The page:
Choosing Sides with DRM

By Steve Gillmor  |  Posted 2004-04-19 Print this article Print

?"> Youve indicated that you would look for a unification of Microsofts and Suns DRM strategies. Is that what you really mean?
I firmly believe that identity is the cornerstone of all network services. You cant expect to build a network service unless you know to whom youre delivering it and what they have access to.
The focus on identity is really a focus on a core area of our business where, through our Java Enterprise System and the directory and identity technologies that we have built to run that, we currently have market-leading products. The acquisition of Waveset [Technologies] last year has really put us at the front of the marketplace for provisioning systems. So, its a natural extension in the market: how identity services may or may not necessarily [play] into services and service access but into content types, into the DRM standards through Microsoft Office—wanting to ensure we have interoperability in StarOffice, ensuring that the DRM that is flowing through Windows Media we can make available through the media technologies that we will be delivering. There are those who say Apples DRM strategy is less onerous and provides an alternative to the Microsoft strategy. There will be a diversity of DRM solutions in the marketplace. There will be no one size fits all. Any illusion that either Sony or Philips or Microsoft or Apple or anyone else is going to have the keys to the kingdom through DRM is fundamentally naive. But all that said, if you look at the market for music downloaded on mobile handsets, you measure it in the billions of dollars. If you look at the market for music downloaded on desktop computers, its measured comparatively in pennies. Now, why is that? Its principally because the mobile carriers have a much stronger grasp of identity in the infrastructure necessary to monetize content. Independent of their DRM solution, theyve made it convenient and theyve made it authenticated—those are really the keys to monetizing content—as opposed to perhaps a more accepted focus on the specifics of the technology within the content. Next page: Visual Studio meets Java Studio.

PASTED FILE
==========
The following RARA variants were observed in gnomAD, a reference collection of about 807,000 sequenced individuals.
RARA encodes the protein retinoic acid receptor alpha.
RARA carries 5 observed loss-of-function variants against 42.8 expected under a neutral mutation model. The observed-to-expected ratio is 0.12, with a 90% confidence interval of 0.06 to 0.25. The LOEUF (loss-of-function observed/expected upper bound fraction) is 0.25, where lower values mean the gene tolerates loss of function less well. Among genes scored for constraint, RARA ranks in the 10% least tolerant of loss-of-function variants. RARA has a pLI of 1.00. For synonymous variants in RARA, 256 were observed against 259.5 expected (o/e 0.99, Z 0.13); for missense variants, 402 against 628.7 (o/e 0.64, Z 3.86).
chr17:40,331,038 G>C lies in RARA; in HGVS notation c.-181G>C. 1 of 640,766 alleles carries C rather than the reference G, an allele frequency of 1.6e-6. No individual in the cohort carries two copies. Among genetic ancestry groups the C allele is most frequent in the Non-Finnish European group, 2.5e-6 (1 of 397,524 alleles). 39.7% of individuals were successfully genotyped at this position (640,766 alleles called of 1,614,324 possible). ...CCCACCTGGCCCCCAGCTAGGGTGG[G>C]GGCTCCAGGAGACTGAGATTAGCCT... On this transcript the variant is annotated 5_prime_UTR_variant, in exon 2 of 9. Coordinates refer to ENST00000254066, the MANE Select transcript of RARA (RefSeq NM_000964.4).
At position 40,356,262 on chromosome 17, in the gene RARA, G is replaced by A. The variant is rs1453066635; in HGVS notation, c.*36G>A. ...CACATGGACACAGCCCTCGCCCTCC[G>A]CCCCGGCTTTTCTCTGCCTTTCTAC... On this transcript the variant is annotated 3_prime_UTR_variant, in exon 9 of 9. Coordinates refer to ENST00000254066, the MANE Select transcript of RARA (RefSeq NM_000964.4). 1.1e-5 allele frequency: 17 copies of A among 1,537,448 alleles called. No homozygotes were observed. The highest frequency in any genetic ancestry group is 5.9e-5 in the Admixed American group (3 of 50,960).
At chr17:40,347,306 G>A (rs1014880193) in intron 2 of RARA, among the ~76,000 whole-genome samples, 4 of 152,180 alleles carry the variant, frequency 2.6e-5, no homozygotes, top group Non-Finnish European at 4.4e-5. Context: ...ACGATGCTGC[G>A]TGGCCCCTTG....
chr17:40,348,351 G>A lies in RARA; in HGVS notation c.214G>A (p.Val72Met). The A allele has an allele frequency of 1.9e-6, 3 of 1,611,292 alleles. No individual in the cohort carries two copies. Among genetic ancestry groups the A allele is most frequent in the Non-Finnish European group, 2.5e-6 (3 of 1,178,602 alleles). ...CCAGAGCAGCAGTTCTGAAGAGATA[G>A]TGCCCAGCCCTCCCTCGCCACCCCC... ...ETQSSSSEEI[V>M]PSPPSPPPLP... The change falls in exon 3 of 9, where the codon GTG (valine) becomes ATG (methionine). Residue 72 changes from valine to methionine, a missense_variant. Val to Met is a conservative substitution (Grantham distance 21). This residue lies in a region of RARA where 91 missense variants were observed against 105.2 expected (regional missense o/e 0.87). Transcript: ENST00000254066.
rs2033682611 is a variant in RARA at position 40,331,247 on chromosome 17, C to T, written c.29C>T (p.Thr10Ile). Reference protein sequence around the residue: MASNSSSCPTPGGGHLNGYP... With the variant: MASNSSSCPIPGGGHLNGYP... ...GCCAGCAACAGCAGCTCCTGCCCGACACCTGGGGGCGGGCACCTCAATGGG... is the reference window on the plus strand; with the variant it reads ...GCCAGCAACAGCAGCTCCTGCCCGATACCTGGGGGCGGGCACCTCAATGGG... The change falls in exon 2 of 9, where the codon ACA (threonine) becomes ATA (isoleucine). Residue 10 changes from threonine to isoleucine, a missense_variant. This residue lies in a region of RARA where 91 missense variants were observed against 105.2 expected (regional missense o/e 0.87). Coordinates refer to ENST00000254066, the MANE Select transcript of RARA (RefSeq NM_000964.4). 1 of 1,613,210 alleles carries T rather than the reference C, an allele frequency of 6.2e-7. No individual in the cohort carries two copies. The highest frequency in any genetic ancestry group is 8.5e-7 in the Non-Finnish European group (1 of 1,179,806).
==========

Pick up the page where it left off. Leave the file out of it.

Steve Gillmor is editor of's Messaging & Collaboration Center. As a principal reviewer at Byte magazine, Gillmor covered areas including Visual Basic, NT open systems, Lotus Notes and other collaborative software systems. After stints as a contributing editor at InformationWeek Labs, editor in chief at Enterprise Development Magazine, editor in chief and editorial director at XML and Java Pro Magazines, he joined InfoWorld as test center director and columnist.

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